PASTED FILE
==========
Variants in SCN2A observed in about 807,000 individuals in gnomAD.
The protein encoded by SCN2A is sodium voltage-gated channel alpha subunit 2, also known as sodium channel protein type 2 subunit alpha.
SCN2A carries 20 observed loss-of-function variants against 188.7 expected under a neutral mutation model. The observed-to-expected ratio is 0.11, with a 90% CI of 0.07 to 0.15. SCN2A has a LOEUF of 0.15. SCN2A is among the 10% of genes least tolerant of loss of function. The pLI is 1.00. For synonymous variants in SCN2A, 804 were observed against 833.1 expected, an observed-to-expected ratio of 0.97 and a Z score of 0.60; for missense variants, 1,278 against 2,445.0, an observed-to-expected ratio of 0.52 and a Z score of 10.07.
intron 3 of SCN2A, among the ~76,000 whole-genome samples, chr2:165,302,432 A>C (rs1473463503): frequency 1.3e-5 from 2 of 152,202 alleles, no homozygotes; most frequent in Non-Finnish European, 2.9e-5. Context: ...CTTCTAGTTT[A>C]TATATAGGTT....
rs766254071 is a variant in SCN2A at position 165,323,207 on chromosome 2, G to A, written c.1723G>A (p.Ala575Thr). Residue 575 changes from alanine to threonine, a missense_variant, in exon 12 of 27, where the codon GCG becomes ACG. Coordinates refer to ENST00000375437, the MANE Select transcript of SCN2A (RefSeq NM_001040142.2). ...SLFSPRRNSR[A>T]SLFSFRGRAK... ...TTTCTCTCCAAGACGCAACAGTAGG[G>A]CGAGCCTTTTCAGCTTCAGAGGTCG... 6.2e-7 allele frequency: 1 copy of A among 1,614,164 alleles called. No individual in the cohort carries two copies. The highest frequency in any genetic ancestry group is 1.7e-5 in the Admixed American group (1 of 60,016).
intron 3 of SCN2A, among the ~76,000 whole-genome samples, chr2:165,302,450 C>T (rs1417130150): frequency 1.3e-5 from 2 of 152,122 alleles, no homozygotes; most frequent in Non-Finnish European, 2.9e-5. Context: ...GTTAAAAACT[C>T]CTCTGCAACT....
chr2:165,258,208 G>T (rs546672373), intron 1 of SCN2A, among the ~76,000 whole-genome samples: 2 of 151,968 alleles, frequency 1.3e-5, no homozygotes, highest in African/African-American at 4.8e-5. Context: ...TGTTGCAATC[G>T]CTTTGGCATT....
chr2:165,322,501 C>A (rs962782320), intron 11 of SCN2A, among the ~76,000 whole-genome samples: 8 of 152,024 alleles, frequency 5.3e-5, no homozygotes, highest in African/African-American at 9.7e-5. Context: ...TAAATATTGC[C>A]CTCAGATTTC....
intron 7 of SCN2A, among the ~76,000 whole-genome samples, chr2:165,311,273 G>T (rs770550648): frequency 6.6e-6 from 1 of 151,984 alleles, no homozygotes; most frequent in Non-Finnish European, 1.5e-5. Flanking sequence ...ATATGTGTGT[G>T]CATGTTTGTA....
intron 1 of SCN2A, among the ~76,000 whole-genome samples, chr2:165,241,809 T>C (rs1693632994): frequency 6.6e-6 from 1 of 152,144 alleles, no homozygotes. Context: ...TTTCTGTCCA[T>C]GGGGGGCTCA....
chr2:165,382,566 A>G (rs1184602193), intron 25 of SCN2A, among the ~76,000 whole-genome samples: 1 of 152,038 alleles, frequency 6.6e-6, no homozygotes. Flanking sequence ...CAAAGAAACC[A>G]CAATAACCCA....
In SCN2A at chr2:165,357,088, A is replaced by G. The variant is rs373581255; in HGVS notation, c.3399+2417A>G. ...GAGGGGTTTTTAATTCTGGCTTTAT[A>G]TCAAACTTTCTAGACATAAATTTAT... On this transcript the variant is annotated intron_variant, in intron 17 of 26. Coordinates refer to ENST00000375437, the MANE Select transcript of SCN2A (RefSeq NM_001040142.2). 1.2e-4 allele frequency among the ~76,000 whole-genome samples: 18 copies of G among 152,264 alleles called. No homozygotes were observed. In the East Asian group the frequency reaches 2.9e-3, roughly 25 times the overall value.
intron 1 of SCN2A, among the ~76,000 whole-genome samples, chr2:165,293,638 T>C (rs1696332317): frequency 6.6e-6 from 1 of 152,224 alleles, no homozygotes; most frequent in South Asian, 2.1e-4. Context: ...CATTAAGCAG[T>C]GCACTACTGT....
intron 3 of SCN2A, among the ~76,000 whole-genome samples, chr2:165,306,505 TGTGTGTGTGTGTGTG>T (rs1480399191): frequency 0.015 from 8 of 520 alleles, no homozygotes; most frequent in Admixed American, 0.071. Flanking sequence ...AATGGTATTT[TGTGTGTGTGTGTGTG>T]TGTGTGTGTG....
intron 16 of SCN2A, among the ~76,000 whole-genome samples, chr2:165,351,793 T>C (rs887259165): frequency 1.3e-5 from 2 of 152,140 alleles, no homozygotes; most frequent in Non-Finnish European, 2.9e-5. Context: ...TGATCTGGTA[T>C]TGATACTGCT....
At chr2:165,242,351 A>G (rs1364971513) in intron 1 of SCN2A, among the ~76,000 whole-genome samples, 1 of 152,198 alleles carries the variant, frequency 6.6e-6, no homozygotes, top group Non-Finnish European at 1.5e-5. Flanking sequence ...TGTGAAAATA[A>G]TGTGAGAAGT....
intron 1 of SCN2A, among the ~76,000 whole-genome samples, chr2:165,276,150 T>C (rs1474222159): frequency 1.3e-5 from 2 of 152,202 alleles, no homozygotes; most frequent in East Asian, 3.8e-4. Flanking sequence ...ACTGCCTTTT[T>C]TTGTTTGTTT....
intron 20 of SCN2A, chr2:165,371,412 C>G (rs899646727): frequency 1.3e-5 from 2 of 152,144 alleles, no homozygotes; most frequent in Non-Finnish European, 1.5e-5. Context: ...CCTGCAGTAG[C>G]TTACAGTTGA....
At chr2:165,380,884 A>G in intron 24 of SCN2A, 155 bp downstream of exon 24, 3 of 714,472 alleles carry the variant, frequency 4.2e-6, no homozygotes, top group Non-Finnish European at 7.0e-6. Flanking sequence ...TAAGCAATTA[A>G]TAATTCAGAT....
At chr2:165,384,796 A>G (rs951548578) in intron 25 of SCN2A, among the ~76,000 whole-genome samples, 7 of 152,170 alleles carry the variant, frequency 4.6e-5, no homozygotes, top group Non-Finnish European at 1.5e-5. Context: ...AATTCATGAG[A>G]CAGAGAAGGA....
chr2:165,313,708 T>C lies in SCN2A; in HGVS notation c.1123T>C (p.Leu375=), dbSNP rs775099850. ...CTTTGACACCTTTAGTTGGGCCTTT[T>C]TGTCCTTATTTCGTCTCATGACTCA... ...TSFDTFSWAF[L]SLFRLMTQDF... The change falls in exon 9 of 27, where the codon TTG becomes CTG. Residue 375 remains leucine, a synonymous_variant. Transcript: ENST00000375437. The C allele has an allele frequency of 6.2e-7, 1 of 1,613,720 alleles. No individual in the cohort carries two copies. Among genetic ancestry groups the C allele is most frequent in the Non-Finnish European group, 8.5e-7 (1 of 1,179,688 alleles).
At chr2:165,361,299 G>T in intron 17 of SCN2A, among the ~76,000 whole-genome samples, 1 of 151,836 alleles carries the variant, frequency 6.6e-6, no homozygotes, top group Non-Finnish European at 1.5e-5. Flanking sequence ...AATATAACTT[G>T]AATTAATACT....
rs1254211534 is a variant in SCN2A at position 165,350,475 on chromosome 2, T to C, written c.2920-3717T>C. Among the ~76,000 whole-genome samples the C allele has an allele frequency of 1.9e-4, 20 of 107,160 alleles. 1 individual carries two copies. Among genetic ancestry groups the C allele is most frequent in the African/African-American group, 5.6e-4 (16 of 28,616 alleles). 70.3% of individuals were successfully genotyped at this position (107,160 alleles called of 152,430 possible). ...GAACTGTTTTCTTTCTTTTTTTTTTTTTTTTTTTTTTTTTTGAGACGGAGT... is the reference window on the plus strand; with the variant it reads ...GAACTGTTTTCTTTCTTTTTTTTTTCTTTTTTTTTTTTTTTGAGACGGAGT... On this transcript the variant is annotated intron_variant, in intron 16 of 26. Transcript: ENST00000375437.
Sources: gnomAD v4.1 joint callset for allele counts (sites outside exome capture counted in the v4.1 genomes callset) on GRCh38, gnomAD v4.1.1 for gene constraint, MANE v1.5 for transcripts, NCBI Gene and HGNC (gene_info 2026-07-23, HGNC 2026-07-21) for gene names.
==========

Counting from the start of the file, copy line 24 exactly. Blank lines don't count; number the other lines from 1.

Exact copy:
Sources: gnomAD v4.1 joint callset for allele counts (sites outside exome capture counted in the v4.1 genomes callset) on GRCh38, gnomAD v4.1.1 for gene constraint, MANE v1.5 for transcripts, NCBI Gene and HGNC (gene_info 2026-07-23, HGNC 2026-07-21) for gene names.